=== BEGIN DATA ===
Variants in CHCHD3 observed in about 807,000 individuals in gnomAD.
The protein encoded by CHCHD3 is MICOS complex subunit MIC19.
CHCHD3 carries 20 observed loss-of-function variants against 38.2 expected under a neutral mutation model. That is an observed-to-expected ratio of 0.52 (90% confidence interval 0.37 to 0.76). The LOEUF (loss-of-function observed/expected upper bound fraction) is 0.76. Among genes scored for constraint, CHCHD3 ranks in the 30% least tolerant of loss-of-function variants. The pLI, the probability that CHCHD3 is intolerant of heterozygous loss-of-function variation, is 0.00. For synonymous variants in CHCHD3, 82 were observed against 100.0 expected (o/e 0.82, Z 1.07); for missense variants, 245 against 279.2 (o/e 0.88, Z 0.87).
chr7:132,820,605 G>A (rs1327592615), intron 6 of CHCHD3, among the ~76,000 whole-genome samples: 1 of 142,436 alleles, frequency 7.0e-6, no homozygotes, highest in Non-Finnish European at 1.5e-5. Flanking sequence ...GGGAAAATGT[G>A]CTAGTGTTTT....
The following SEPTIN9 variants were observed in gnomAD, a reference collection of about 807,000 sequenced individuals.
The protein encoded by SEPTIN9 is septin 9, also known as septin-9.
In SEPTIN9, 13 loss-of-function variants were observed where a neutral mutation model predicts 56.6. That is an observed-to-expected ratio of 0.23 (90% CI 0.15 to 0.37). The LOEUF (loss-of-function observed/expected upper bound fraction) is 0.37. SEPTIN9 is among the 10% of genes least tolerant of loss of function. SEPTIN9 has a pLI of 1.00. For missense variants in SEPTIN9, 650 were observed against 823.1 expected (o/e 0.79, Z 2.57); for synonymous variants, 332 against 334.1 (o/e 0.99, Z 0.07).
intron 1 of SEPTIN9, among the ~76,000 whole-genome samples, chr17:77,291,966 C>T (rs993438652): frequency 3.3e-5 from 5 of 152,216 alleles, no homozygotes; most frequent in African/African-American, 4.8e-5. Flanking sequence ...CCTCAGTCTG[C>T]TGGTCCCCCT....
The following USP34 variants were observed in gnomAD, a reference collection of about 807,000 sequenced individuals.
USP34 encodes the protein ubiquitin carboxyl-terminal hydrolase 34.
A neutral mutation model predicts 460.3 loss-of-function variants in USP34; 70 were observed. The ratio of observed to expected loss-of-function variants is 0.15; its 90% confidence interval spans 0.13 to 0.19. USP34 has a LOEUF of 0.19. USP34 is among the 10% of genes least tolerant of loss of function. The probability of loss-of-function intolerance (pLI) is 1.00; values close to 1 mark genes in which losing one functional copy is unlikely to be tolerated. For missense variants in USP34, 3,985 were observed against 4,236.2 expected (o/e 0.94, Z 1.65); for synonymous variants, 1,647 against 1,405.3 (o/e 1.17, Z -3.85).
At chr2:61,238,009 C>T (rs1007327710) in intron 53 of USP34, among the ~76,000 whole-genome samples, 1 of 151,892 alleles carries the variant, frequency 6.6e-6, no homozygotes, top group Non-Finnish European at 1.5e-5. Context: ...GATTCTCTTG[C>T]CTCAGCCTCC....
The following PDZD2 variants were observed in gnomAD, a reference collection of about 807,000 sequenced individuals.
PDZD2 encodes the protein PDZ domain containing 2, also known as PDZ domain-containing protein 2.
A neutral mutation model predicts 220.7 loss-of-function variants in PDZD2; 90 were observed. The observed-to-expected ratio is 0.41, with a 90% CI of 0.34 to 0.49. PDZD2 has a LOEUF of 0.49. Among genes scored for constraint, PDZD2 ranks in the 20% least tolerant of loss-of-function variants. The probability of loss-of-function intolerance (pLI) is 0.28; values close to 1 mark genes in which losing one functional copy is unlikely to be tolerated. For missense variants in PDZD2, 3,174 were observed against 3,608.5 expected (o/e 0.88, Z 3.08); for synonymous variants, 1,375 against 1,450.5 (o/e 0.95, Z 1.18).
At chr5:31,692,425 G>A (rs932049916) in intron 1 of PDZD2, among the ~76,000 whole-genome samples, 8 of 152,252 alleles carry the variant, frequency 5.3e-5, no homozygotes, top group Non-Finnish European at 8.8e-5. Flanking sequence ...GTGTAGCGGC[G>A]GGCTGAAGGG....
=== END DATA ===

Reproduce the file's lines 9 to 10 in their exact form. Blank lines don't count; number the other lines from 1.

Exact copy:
The following USP34 variants were observed in gnomAD, a reference collection of about 807,000 sequenced individuals.
USP34 encodes the protein ubiquitin carboxyl-terminal hydrolase 34.